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Published on February 1st, 2017 | By: April Gocha, PhD

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Video: Watch this 3-D printed, jet-powered unmanned aerial vehicle soar

Published on February 1st, 2017 | By: April Gocha, PhD

[Image above] Credit: Stratasys; YouTube

 

 

Additive manufacturing company Stratasys and unmanned aerial vehicle (UAV) systems manufacturing specialist Aurora Flight Sciences have teamed to fabricate something light, fast, and revolutionary—the first jet-powered, 3-D printed drone aircraft.

 

The aircraft, with a 9-ft wingspan and weighing just 33 lbs, is powered by a jet engine that is capable of propelling the craft to 150 mph.

 

Built primarily from 3-D printed parts—it’s 80% 3-D printed by weight—the craft is mostly composed of a thermoplastic material printed using fused deposition modeling (FDM), a standard layer-by-layer printing technique used in additive manufacturing.

 

In addition to FDM, however, some components of the craft are printed via laser sintering and direct metal laser sintering of a family of austenitic nickel-chromium-based Inconel superalloys. This mouthful of materials are oxidation- and corrosion-resistant, making them perfectly suited for high-pressure and high-heat environments.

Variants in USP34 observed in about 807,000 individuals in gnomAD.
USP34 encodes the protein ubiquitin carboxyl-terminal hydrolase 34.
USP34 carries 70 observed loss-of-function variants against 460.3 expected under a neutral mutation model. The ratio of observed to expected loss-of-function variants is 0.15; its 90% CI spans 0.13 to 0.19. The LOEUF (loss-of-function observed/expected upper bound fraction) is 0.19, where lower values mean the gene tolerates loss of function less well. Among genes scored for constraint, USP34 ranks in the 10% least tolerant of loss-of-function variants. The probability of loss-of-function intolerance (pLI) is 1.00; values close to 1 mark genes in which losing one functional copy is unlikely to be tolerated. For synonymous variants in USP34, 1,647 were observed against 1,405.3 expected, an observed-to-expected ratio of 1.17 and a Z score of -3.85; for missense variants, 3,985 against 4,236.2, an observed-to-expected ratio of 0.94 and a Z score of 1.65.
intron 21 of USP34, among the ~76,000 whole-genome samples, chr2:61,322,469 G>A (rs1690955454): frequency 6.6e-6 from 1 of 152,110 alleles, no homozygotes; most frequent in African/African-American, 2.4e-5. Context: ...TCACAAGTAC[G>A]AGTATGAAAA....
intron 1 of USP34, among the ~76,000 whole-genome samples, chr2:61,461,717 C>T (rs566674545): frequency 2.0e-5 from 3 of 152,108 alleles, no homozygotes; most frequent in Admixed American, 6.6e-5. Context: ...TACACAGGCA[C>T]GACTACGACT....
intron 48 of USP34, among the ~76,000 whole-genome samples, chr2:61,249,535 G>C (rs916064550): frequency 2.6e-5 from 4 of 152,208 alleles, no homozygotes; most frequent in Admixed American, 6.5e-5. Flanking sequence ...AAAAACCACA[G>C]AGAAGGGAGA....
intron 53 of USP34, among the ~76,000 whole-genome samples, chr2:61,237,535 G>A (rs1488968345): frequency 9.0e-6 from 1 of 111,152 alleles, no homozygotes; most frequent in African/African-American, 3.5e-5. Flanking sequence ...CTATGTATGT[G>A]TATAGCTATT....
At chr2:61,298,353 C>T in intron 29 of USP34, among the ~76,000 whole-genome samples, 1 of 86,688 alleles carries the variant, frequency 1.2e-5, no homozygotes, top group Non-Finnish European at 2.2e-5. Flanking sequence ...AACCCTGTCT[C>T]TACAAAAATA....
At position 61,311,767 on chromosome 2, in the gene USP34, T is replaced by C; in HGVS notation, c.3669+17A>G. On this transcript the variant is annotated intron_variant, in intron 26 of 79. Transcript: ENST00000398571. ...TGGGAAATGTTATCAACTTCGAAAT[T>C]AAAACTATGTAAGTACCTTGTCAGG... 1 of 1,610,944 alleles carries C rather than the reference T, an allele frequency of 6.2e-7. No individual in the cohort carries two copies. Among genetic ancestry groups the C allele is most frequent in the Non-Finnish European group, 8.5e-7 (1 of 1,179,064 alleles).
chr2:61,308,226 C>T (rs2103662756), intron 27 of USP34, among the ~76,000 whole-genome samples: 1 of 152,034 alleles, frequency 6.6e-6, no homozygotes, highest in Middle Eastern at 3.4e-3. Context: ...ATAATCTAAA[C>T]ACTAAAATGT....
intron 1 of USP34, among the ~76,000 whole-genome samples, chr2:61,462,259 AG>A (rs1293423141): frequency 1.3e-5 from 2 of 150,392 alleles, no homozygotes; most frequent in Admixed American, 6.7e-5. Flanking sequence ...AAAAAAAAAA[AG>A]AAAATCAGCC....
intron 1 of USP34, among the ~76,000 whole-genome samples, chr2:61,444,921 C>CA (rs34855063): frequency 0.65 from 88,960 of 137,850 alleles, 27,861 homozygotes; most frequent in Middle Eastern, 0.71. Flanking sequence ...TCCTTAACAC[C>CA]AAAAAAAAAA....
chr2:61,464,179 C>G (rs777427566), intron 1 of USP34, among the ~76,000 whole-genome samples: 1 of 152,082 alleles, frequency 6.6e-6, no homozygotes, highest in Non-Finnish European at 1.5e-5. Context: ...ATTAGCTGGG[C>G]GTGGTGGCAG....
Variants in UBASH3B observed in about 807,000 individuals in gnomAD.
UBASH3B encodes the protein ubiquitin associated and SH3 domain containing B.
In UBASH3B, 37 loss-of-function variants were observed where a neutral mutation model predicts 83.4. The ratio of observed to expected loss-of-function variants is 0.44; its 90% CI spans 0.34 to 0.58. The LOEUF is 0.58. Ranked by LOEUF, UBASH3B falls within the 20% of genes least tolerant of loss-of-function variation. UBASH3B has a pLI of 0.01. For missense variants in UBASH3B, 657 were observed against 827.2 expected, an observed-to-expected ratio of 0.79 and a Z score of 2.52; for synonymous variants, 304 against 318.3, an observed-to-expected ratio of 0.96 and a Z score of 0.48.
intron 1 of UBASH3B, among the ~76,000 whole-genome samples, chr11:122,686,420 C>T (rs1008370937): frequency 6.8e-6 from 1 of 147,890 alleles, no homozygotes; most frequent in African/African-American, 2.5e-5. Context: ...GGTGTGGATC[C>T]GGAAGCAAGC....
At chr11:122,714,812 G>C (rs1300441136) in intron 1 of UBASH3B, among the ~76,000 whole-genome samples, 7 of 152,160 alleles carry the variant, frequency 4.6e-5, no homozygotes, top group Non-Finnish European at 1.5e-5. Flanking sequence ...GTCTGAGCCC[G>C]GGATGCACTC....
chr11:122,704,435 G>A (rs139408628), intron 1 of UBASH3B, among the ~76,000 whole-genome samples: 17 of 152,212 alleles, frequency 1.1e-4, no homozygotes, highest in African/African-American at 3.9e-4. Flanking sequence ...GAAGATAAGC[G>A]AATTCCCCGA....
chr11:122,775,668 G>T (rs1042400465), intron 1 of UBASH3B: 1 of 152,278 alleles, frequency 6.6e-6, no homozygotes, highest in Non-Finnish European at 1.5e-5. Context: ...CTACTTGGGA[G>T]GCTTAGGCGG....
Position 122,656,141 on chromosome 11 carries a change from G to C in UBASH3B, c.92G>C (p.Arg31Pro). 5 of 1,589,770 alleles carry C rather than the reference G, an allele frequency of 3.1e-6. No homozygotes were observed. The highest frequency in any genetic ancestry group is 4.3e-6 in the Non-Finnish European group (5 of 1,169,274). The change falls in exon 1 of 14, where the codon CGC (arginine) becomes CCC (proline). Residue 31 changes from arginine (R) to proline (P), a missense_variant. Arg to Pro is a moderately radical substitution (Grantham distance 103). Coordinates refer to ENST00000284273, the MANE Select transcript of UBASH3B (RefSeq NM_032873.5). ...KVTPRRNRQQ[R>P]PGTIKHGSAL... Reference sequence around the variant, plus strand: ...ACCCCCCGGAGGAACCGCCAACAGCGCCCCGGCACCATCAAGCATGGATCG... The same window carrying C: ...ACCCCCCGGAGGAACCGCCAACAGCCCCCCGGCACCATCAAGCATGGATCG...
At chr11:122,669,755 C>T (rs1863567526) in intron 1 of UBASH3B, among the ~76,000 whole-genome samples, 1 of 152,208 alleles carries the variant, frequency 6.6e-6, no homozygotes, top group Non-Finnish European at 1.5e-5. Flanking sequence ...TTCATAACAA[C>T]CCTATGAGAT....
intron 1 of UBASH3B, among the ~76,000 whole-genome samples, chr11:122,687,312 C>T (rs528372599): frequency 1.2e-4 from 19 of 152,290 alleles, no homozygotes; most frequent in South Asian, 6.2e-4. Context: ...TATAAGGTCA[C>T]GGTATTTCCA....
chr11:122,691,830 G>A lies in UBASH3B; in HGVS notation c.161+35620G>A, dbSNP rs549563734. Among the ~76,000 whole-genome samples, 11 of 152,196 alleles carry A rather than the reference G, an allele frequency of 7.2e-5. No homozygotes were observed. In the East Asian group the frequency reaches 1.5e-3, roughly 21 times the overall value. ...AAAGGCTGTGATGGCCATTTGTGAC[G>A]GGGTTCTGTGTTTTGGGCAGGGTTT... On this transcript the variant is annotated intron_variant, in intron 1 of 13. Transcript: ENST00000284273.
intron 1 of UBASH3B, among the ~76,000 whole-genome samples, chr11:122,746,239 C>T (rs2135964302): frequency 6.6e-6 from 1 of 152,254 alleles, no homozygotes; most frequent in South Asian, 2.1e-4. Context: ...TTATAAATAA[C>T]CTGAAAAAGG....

The 3-D printed drone, ready to fly. Credit: Stratasys

The aircraft’s wings have a completely enclosed, hollow structure. Credit: Stratasys

 

“In addition to leveraging FDM materials for all large and structural elements, we utilized the diverse production capability of Stratasys Direct Manufacturing to produce components better suited to other technologies. We elected to laser sinter the nylon fuel tank, and our thrust vectoring exhaust nozzle was 3-D printed in metal to withstand the extreme heat at the engine nozzle,” Stratasys aerospace and defense senior business development manager Scott Sevcik says in a Stratasys press release.

 

The team built the aircraft to demonstrate its ability to rapidly progress from a design to a fully built, 3-D printed, jet-powered prototype.

 

Watch this impressive prototype soar and hear more from its engineering team in the short video below.

Credit: Stratasys; YouTube

 


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